It’s now ‘Ed Davenport Civic Center’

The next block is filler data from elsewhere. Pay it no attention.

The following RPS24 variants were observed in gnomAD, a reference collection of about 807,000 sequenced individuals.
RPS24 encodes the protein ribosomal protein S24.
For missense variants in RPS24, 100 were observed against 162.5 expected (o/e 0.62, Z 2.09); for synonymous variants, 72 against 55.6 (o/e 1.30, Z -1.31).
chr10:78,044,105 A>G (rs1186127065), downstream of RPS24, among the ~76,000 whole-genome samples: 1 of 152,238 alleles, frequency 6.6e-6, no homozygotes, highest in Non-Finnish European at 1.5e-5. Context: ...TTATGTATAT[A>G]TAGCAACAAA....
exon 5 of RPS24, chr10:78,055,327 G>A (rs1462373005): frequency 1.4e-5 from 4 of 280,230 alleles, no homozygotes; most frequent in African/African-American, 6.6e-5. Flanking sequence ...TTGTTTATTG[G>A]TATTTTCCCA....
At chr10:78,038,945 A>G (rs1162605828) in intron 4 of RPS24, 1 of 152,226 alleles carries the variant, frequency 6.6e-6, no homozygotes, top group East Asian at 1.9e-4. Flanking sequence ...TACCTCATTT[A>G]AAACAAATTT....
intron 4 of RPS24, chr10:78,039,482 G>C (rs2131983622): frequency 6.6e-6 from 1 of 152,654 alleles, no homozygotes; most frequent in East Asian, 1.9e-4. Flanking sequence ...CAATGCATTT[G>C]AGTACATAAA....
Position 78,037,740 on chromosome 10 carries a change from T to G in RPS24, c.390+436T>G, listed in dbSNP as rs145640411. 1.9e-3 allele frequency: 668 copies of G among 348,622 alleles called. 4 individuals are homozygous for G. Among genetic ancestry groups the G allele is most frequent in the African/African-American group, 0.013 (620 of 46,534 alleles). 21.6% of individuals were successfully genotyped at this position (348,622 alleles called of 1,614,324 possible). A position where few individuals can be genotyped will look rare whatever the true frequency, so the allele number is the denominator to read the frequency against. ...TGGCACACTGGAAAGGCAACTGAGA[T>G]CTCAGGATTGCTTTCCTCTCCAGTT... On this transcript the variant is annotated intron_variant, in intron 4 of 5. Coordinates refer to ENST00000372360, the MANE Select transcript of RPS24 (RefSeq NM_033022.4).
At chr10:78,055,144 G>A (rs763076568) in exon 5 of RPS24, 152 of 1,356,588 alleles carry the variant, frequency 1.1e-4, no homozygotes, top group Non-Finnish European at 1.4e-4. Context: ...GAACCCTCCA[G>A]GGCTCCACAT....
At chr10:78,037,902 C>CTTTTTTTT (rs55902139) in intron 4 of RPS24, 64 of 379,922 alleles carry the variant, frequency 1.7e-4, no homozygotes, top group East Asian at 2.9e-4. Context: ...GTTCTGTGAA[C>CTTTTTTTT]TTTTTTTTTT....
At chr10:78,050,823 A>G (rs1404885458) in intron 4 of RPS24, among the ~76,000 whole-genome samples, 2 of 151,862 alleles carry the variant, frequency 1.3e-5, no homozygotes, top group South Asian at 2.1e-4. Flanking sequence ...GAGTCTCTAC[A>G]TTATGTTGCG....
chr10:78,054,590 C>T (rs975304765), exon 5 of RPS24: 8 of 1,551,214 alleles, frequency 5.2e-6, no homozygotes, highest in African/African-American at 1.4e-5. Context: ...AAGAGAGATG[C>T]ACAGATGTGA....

Two-time Brady city mayor Ed Davenport was recognized by current city council and mayor as they voted unanimously in a special meeting Tuesday morning to rename the Heart of Texas Civic Center to honor the civic leader’s dedication and contributions to the local community over the years. Davenport was first elected mayor of Brady when the Civic Center was erected in the late 1970s. He donated his time and equipment both in his elected position and as a local businessman and citizen. To be renamed, Ed Davenport Civic Center, the facility will soon undergo minor changes to either the sign on the building or the entrance to the facility; however, “that hasn’t been determined yet,” according to city manager Merle Taylor. “Davenport helped early on to draw business to Brady,” he said. “He has been an avid supporter of the community for many years and continues to support area businesses and churches.” Davenport’s most recent contribution came in the amount of $50,000 which he placed in escrow for an irrigation well for the proposed golf course expansion. According to Taylor, the sizable donation is “well over” half of what the Brady Golf Course Association would have had to raise for funding the well which will be drilled at 2,500 feet to tap into the Hickory water supply. In other business Tuesday morning, the city council approved a proclamation designating April as “Parkinson’s Disease Awareness Month” in Brady. Parkinson’s disease is a progressive disorder of the central nervous system, affecting more than one million people in the United States. Clinically, the disease is characterized by a decrease in spontaneous movement, gait difficulty, postural instability and rigidity and tremor. Linda Duncan, support group leader with Central Texas Parkinson’s Chapter in Brownwood, addressed the city council in a letter requesting that the proclamation be considered for approval. An item that didn’t receive approval in Tuesday’s special meeting was John Bucy’s request that the city council include the paving of the entrance to his proposed subdivision located southeast of the Heart of Texas Memorial Hospital. The property, which is currently undeveloped, is located just north of the Highland South Addition The council chose not to approve Bucy’s request based on the fact that the subdivision is not developed enough for the city to authorize taxpayer money to pay for any paving. Taylor explained that before the city can assume ownership of streets and takeover upkeep, the developer is responsible for installing water, sewer and gas lines and building the streets.

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